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Birds that Drink Nectar From Hummingbird Feeders

Many of us put out special nectar feeders each spring to try and attract hummingbirds to our yard. If you’re one of those people, you may wonder if hummingbirds are the only bird that likes to drink nectar. Are there other birds that drink nectar from hummingbird feeders?

Yes, there is actually a pretty wide variety of bird species that enjoy the sugary goodness of nectar. In this article we will find out what other types of birds you may see at your hummingbird feeders, and even what you can do to encourage other birds to drink from nectar feeders. 

Birds that Drink Nectar From Hummingbird Feeders

Sugar isn’t the easiest high-energy treat to find in the wild. Hummingbirds have evolved everything from their beak shape to hovering ability to take advantage of the high-energy nectar found deep inside flowers. 

But other birds enjoy sugar too. It provides quick calories and energy that help feed their high metabolism. Flowers aren’t the only natural source of sugar. Tree sap is a source enjoyed by many birds (and us on our pancakes!). Certain berries and fruits also contain natural sugars enjoyed by birds.

Because of this, it is often birds that already incorporate tree sap and fruit in their diet that are drawn to hummingbird nectar. 

Orange-crowned warbler perched on a hummingbird feeder
Orange-crowned warbler at a hummingbird feeder | image by Ingrid V Taylar via Flickr | CC BY 2.0

Here a few of the North American birds that you might catch trying to take a sip from your hummingbird feeders:

  • Orioles
  • Tanagers
  • Chickadees
  • Titmice
  • Gray Catbirds
  • Finches 
  • Woodpeckers (often downy or red-bellied)
  • Verdins
  • Warblers
  • Escaped or naturalized parrots


Orioles are perhaps the most commonly seen birds at hummingbird feeders (well, other than the hummingbirds!) They love fruit, and often people attract them to their yard by putting out orange halves, grapes and jelly. So it’s no surprise they would be interested in nectar as well.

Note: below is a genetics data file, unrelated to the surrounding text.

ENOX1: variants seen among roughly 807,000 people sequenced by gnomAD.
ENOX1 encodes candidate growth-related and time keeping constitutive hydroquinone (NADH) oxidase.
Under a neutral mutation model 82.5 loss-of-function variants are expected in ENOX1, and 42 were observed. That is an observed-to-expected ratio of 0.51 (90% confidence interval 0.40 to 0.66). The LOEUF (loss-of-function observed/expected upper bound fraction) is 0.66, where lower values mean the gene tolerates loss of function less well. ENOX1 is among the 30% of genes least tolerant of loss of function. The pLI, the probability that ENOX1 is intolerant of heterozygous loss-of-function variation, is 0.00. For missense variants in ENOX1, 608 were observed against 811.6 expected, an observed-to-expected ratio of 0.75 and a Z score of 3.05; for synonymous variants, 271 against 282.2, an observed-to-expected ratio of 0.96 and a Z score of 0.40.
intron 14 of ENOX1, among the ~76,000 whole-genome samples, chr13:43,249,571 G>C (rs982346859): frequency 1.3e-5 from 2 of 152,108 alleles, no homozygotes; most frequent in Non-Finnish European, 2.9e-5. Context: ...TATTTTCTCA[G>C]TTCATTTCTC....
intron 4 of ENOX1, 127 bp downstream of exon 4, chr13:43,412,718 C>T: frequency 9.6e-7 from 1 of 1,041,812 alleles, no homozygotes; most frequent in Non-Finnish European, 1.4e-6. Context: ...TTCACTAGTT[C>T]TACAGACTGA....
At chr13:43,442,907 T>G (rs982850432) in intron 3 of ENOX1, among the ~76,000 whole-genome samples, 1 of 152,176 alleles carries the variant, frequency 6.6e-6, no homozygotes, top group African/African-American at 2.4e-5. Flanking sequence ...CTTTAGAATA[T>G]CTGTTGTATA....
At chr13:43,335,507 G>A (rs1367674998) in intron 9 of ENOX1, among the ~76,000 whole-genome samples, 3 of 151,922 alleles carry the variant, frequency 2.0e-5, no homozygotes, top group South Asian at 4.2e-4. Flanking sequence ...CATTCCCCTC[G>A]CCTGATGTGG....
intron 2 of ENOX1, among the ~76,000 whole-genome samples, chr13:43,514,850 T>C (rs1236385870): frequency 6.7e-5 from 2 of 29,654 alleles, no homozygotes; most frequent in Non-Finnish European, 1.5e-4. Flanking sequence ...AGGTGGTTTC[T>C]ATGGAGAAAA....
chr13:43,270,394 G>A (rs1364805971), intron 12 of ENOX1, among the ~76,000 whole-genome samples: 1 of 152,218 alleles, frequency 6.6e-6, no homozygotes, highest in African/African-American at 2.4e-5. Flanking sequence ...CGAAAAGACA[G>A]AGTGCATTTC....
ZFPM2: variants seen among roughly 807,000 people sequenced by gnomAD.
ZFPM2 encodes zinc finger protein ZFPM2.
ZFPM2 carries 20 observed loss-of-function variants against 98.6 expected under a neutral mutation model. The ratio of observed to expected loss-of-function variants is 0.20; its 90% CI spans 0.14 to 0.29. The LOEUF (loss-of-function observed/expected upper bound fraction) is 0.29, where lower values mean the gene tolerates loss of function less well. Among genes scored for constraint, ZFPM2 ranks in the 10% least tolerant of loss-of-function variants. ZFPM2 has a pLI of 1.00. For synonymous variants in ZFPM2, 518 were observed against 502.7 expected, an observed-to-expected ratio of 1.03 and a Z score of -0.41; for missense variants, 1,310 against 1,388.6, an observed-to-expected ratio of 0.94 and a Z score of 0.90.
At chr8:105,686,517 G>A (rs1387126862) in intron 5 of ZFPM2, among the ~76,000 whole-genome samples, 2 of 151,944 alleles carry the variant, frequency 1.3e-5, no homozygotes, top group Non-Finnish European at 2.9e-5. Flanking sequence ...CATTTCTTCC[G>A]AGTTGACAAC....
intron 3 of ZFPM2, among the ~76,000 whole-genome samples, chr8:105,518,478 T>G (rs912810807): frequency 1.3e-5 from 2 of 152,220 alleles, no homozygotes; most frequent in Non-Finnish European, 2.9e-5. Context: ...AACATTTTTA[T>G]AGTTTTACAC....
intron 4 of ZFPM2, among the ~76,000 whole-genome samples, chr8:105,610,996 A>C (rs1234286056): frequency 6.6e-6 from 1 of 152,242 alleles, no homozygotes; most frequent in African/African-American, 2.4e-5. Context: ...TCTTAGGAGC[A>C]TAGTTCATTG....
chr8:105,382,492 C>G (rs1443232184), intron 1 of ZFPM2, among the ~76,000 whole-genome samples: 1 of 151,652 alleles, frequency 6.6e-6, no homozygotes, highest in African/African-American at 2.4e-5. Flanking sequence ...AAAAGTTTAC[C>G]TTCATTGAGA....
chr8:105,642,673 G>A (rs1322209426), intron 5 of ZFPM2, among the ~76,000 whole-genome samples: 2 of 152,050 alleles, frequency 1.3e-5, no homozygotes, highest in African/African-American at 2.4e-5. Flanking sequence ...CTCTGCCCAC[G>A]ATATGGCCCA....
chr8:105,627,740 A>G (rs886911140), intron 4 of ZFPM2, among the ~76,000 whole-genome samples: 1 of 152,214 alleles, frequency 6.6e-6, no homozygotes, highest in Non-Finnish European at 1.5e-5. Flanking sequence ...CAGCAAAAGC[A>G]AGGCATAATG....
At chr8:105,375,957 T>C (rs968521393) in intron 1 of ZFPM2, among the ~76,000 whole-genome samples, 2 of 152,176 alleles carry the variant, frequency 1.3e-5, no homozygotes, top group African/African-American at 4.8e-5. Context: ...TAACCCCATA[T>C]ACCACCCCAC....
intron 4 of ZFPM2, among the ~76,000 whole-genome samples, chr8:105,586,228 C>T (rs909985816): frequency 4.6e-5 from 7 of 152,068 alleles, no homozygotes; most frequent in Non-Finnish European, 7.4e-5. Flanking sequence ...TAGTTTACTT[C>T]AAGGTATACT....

In fact, you can purchase nectar feeders specifically made for orioles, like this nice one from Perky Pet. The general idea of the feeder is the same, with some slight tweaks designed for orioles larger bodies.

Oriole feeders tend to have orange on them as the attracting color, rather than the red of hummingbird feeders. An oriole feeder will also have larger feeding port holes to accommodate their larger beak size. It will usually also have larger perches, and may include a place to put fruit or jelly. 

Baltimore Oriole at a nectar feeder | image by M C Morgan via Flickr | CC BY-SA 2.0

If you want to try and attract orioles to your yard, or give them something else to drink to keep them away from your hummingbird feeder, an oriole feeder is a good choice.

Making Oriole Nectar

You can make your own oriole nectar the same way you make hummingbird nectar, but make it slightly less concentrated. Instead of the 1:4 ratio of sugar to water that you use for hummingbirds, use a 1:6 ratio for orioles. This seems to be the standard across reputable sources I have seen. 

I haven’t found any information that says a 1:4 ratio will harm the orioles, only that 1:6 is closer to the level of sugar in the fruits they would eat naturally, so it may be healthier for them in that way. 


Woodpeckers are used to the sweet treat of tree sap, so it’s no surprise they would try their luck with the hummingbird feeder. Smaller species, such as the Downy, are a common visitor. I’ve had Downy’s visit my hummingbird feeders almost every year.